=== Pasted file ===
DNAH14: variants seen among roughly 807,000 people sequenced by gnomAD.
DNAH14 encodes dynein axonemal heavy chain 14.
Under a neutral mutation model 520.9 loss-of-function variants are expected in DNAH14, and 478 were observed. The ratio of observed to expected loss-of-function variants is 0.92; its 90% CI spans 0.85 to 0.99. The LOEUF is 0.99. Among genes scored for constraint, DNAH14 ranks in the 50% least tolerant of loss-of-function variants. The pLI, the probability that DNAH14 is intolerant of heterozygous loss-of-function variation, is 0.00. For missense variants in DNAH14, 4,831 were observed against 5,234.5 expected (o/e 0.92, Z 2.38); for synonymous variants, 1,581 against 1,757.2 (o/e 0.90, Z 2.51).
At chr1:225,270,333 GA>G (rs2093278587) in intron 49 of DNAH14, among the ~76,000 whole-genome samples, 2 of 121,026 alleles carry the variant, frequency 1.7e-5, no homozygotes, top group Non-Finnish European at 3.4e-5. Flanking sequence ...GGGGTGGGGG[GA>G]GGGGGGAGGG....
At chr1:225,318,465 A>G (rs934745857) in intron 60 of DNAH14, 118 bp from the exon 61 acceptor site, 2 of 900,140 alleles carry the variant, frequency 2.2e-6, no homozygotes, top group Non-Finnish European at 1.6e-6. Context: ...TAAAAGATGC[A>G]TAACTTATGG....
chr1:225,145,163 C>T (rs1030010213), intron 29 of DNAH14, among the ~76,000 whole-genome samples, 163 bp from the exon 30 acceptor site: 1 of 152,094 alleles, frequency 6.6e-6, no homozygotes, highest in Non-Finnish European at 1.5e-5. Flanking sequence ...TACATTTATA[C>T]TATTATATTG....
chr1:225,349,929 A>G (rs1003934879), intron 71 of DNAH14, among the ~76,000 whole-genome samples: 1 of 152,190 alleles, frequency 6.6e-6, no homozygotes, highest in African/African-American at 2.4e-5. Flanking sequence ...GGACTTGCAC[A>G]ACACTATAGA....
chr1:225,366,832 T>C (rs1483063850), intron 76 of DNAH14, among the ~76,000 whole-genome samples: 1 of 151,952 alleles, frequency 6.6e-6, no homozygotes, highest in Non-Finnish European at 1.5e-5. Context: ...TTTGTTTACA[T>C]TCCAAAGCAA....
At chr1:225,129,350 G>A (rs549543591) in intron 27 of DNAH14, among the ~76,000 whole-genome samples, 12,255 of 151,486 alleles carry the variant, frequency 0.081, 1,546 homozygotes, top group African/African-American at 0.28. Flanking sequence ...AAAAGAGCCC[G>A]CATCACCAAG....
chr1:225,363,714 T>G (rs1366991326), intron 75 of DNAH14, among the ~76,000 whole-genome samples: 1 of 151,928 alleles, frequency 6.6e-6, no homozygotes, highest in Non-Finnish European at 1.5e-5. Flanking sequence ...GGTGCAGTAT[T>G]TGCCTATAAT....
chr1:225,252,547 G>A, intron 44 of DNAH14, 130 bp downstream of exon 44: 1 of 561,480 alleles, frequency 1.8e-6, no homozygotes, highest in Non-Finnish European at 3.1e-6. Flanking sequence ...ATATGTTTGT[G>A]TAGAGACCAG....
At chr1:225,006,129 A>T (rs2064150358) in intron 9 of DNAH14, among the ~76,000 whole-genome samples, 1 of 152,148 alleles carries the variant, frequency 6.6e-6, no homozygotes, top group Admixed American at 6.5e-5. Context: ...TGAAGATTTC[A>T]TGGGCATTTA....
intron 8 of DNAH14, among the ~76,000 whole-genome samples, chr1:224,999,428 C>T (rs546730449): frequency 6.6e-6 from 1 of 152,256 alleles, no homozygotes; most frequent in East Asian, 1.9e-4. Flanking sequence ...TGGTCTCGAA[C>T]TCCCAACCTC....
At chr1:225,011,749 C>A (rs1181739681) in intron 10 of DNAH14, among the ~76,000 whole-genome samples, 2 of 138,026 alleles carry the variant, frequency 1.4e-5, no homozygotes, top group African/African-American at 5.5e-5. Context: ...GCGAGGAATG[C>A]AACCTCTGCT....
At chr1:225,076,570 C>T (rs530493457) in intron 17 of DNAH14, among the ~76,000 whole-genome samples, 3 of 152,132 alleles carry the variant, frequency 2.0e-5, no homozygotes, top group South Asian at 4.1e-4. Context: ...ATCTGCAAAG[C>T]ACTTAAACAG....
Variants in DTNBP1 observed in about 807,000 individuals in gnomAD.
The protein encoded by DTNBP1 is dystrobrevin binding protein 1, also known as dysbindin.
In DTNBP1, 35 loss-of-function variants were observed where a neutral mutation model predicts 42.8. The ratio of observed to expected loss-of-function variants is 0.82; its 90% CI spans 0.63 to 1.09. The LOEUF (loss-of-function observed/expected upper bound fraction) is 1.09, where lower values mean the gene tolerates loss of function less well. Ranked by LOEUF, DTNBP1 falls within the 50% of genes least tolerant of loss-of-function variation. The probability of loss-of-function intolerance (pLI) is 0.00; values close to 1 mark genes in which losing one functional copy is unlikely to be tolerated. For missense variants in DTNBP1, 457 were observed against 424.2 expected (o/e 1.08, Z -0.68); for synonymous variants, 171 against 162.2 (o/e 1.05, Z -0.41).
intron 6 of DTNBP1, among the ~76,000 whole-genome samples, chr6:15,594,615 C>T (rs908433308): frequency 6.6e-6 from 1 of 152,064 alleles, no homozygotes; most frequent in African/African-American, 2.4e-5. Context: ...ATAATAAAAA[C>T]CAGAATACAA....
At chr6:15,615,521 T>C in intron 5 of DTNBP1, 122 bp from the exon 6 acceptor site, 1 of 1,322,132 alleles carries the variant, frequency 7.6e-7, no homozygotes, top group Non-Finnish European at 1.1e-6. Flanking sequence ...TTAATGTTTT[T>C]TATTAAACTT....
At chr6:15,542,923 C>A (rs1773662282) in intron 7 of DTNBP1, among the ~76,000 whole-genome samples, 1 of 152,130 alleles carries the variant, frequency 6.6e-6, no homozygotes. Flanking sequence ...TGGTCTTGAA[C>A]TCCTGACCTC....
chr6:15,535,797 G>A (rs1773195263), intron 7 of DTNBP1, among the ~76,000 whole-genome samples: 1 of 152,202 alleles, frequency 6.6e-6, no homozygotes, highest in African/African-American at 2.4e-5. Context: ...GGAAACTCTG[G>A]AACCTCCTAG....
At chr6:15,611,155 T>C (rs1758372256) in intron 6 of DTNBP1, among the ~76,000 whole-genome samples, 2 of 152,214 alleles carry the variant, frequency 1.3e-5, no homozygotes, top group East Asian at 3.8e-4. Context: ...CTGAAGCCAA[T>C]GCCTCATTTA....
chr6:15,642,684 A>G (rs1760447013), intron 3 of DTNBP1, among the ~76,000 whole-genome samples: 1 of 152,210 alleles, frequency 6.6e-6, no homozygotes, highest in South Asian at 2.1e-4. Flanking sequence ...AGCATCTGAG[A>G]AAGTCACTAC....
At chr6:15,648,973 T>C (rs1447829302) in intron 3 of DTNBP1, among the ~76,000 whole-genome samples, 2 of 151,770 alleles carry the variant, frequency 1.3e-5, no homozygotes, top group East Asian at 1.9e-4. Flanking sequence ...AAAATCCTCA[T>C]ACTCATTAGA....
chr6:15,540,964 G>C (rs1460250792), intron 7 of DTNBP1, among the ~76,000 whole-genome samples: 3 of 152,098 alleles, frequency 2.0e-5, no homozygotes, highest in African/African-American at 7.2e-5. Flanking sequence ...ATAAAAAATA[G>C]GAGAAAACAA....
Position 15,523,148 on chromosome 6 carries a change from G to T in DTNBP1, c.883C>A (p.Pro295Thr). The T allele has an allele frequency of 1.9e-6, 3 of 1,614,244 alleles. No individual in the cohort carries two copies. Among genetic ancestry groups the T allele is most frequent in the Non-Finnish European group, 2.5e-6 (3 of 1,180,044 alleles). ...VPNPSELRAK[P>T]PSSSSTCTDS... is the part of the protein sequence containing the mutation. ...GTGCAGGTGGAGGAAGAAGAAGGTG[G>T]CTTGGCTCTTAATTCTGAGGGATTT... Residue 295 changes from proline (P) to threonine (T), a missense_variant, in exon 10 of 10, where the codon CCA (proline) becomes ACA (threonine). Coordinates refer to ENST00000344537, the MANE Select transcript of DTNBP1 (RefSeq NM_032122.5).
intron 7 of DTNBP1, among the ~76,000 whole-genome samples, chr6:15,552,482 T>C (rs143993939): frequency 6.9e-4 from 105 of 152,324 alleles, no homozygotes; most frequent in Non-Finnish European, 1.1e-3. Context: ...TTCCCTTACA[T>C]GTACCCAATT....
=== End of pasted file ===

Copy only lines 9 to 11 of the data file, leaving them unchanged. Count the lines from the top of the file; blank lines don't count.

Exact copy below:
At chr1:225,129,350 G>A (rs549543591) in intron 27 of DNAH14, among the ~76,000 whole-genome samples, 12,255 of 151,486 alleles carry the variant, frequency 0.081, 1,546 homozygotes, top group African/African-American at 0.28. Flanking sequence ...AAAAGAGCCC[G>A]CATCACCAAG....
chr1:225,363,714 T>G (rs1366991326), intron 75 of DNAH14, among the ~76,000 whole-genome samples: 1 of 151,928 alleles, frequency 6.6e-6, no homozygotes, highest in Non-Finnish European at 1.5e-5. Flanking sequence ...GGTGCAGTAT[T>G]TGCCTATAAT....
chr1:225,252,547 G>A, intron 44 of DNAH14, 130 bp downstream of exon 44: 1 of 561,480 alleles, frequency 1.8e-6, no homozygotes, highest in Non-Finnish European at 3.1e-6. Flanking sequence ...ATATGTTTGT[G>A]TAGAGACCAG....